Community Supported Agriculture Manitoba

This CSA farm directory lists Manitoba Community Supported Agriculture farms (also known as Community Shared Agriculture farms), their locations, contact information and websites. All CSA farmers in Manitoba can post their information on this directory, free of charge.


What are CSA farms? A CSA farm brings together farmers and people in neighboring communities into a mutually beneficial and direct relationship. CSA farmers receive a pre-determined fee from you, the consumer, before the start of the growing season. In return, you receive shares in the farm’s bounty, usually in the form of a weekly box of produce. Paying up front means you also share the risks due to weather and other factors beyond the control of the farmer.

CSA farms offer fresh, local, high quality produce (usually sustainably grown) with some farmers offering eggs, poultry, meat, herbs and honey.


Membership in a CSA creates relationships between people and the food they eat, the land on which it is grown and those who grow it. This supportive relationship helps to create an economically stable farm operation. The members receive high quality produce, often at below retail prices. In return, farmers are guaranteed a reliable market for a diverse selection of crops. This allows farmers to ensure proper land stewardship practices in order for the soil to be healthy for generations to come.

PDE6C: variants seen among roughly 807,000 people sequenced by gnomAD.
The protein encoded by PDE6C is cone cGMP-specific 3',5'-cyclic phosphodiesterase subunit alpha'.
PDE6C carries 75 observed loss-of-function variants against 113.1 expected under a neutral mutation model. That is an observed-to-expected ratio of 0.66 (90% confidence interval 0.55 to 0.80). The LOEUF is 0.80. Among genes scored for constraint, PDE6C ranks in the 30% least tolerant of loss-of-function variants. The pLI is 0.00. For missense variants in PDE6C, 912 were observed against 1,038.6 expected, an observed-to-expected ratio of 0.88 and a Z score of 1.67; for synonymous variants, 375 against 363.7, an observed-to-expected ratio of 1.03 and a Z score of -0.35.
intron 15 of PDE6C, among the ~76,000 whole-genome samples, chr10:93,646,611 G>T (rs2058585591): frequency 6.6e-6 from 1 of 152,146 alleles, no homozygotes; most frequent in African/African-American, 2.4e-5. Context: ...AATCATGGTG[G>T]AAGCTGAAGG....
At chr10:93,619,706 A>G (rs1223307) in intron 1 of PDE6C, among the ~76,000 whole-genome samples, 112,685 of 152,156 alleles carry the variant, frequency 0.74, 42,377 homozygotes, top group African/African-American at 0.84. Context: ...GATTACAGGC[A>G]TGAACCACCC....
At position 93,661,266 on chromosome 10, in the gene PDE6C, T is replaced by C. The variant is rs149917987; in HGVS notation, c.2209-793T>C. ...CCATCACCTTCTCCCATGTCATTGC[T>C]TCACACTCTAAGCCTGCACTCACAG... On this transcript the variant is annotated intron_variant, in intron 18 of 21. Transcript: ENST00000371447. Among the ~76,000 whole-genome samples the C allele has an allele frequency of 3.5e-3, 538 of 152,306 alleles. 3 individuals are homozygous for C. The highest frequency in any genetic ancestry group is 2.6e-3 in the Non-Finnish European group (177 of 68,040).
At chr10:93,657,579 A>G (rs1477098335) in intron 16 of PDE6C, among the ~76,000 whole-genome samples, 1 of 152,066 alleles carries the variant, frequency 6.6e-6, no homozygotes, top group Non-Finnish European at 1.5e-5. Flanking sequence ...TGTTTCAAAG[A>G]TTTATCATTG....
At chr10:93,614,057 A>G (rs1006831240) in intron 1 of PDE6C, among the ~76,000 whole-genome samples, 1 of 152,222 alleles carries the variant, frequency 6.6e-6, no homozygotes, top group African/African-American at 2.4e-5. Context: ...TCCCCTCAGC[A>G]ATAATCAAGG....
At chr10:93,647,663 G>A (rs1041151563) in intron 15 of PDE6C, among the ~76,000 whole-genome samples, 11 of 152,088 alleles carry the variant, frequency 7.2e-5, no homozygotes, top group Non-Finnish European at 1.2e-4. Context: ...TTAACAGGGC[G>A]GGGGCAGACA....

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Why purchase from a CSA farm?

  • You'll get the freshest produce available, picked the day you receive it, from a local farm. Local food is fresher, and tastes better than food picked before ripening that has been shipped thousands of miles.
  • You'll know your farmer and how he/she produce your food.
  • You'll support your local farmers, and keep your food dollars in your local economy, thus strengthening your local economy.
  • Many CSA's offer recipes and hints on how to use the produce in your CSA box, encouraging you to try new and unusual vegetables and fruits.
  • Personal contact with the farmer gives you the opportunity to ask questions about the practices the farmer uses.
  • Local food purchases protect the environment: local food travels short distances, reducing the carbon dioxide emissions from transportation, and local food doesn't need all the plastic wraps and crates that food needs when it is being transported long distances.
  • Sustainable growing practices benefit the soil, air, water, wildlife, and people in the farm ecosystem.